They would be better off mandating higher fuel efficiency or lower CO2 levels and letting the market figure out how to do it.
It might be much easier to get a 5% increase in efficiency than swapping in 5% biofuels.

What we want is low CO2, low fossil input transport - how we get it is not the business of the Euro Parliment.


I remember the U.S. Congress mandating an oxygenate, but not specifying what kind. The oil industry came up with MTBE, which polluted ground water. Maybe more specific legislation is not always a bad thing.


It took legislation to get seatbelts, airbags (in the USA), catalytic converters and low emissions. Otherwise the manufacturers just wouldn't have bothered.


It took legislation to get all these things - fine, but the legislation did not say what to make the seat belts out of. It said you had to have them.

That is what I am saying - they should legislate for the end goal, not the method.


History has taught us that it is unwise to rely solely on manufacturers to produce safe, highly relyable, long lasting, efficient, light weight, clean, low GHG cars (and many other products).

Over 50% of the oversized gas guzzlers on USA's roads for the last 10+ years are opposite to what would be most beneficial to the users.

The Big Three will continue producing gas guzzler dinosaurs as long as they can convince us to buy them.

Unfortunately, one of the best way to convince us to switch to more common sense HEVs, PHEVs and/or BEVs would be with a manus-bonus system coupled with higher fuel taxes to get the roads fully repaired. It seems to be effective in France and where it has been applied.


Sounds like a reasonable compromise. It should push Euro-dollars into production of cellulosic from a variety of technologies. Good way to make progress.



This is not about fuel economy. Fuel economy is good and must be strived for. In Europe, fuel economy has been the norm for as long as motorized vehicles are in use as there are few natural hydrocarbon sources.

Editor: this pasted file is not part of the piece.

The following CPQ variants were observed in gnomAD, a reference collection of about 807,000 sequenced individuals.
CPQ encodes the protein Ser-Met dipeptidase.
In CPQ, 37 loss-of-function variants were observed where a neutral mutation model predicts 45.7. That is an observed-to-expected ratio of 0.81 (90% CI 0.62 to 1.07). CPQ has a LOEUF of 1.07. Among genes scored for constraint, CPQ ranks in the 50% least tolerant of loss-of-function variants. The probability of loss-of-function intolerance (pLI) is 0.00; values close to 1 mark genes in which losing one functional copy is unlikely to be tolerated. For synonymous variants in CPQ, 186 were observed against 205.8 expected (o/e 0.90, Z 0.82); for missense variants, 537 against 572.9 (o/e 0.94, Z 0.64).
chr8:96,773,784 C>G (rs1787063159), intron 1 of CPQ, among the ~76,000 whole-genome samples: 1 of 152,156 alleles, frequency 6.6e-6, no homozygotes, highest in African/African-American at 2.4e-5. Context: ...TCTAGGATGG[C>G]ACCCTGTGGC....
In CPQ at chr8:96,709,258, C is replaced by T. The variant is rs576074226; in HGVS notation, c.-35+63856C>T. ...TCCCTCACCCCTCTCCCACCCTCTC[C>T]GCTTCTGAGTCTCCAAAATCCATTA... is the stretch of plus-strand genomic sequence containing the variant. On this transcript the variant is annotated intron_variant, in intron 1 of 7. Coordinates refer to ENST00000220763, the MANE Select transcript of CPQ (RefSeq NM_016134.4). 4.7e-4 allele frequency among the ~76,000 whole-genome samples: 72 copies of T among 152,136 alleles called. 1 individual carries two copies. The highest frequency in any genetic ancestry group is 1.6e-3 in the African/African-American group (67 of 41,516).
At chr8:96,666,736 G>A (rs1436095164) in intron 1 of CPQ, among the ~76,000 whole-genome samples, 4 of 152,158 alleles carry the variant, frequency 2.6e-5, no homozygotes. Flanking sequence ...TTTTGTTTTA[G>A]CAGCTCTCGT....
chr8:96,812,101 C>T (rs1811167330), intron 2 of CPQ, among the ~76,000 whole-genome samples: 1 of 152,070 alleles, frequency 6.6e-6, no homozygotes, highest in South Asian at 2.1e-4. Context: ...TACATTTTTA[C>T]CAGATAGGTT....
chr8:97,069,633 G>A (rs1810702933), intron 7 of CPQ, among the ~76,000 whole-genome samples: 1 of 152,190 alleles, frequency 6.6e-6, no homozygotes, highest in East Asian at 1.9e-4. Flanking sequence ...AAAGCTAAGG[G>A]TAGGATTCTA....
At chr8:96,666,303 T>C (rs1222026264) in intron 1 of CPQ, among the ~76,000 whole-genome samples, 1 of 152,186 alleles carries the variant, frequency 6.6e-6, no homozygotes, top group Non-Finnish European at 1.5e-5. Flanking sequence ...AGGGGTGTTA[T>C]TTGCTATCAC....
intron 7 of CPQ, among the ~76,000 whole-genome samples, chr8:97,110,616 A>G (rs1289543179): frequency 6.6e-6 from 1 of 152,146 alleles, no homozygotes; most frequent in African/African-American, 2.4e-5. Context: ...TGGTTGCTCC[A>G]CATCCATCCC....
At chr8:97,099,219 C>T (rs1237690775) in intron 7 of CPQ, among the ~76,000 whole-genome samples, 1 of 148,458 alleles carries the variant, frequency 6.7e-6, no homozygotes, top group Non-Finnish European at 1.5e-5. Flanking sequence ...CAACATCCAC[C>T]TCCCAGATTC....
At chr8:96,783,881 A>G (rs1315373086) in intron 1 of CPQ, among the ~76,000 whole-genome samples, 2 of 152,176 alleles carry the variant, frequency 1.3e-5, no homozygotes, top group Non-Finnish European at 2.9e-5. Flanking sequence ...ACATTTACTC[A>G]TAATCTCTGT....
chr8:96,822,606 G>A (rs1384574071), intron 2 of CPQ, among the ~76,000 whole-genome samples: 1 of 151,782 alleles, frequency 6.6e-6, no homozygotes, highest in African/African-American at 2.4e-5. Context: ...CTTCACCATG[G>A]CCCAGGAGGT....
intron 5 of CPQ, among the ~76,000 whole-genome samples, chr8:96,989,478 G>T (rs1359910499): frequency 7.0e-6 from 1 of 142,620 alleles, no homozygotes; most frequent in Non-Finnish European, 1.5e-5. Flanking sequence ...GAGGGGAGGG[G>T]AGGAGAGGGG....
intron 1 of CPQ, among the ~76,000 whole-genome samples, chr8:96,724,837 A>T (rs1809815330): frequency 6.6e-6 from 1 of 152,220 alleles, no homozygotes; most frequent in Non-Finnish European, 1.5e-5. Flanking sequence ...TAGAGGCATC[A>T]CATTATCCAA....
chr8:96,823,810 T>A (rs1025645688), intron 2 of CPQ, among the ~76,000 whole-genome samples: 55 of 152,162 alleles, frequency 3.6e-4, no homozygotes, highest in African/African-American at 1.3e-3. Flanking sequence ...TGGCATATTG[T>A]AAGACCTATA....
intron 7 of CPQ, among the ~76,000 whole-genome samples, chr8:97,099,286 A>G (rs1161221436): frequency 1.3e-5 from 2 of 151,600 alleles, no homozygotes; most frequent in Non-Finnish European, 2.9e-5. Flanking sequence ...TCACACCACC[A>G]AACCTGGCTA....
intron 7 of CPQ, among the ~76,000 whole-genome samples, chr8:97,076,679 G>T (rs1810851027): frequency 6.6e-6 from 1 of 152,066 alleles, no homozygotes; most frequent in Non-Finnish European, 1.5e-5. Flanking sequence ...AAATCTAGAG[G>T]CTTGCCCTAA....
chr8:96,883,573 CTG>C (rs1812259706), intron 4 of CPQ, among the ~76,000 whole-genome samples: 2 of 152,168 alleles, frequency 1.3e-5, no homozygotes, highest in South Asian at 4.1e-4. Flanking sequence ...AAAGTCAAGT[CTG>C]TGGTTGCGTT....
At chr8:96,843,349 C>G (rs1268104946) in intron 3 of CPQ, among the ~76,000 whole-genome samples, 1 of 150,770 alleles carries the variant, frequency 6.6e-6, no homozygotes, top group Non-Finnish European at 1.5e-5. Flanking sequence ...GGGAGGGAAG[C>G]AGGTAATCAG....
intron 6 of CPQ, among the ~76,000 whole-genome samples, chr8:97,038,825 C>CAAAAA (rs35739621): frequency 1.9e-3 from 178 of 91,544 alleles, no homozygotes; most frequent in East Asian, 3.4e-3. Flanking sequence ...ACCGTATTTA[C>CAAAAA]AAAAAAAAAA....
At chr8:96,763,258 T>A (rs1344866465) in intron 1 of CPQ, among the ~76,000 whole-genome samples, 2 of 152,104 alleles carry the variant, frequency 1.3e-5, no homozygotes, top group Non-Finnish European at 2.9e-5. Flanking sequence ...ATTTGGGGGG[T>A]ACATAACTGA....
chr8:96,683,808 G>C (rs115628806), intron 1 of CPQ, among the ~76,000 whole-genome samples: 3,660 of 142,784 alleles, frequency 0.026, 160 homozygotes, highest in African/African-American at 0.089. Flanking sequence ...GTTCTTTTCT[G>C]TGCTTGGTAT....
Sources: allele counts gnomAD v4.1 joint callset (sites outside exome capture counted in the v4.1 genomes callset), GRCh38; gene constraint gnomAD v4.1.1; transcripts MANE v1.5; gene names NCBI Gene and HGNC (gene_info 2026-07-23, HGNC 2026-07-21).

This is more about building a sustainable fuel industry that uses local raw materials, about energy independence.
Going more cellulosic from bioethanol/diesel simply means being more efficient, getting more fuel from a unit of land area, more fuel energy from energy invested in collection/processing.


Folks! See our WO 2008096187 patent application. We transesterify (or rather: interesterify) triglycerides with alkyl-esters of short-chain fatty acids (preferably with 100% bio-derived ethyl-acetate), BUT only partially, whereby we get a mixture of modified triglicerides (with 50-70% newly introduced short chains), with reduced molecular masses, that is, with greatly reduced viscosities, and alkyl (ethyl) esters of displaced long chain fatty acids (that is, traditional biodiesel). There is no glycerol formation, but each and every atom of the biomass TG is turned into fuel, yielding 15-20% more combustible out of a given amount of feedstock! (In other words: you need 15-20% LESS arable land to produce a given volume of biofuel. Most important issue these days.). No washings, no sewage, but 30% greater internal oxygen content, better emission profile, less soot, greater torque, lowered iodine number, better cold-properties, etc. And all this with lower production costs. To date ours is the ONLY really 100% renewable petrodiesel substitute (as the methanolic part of BD comes from methane, that is, a fossil). Well?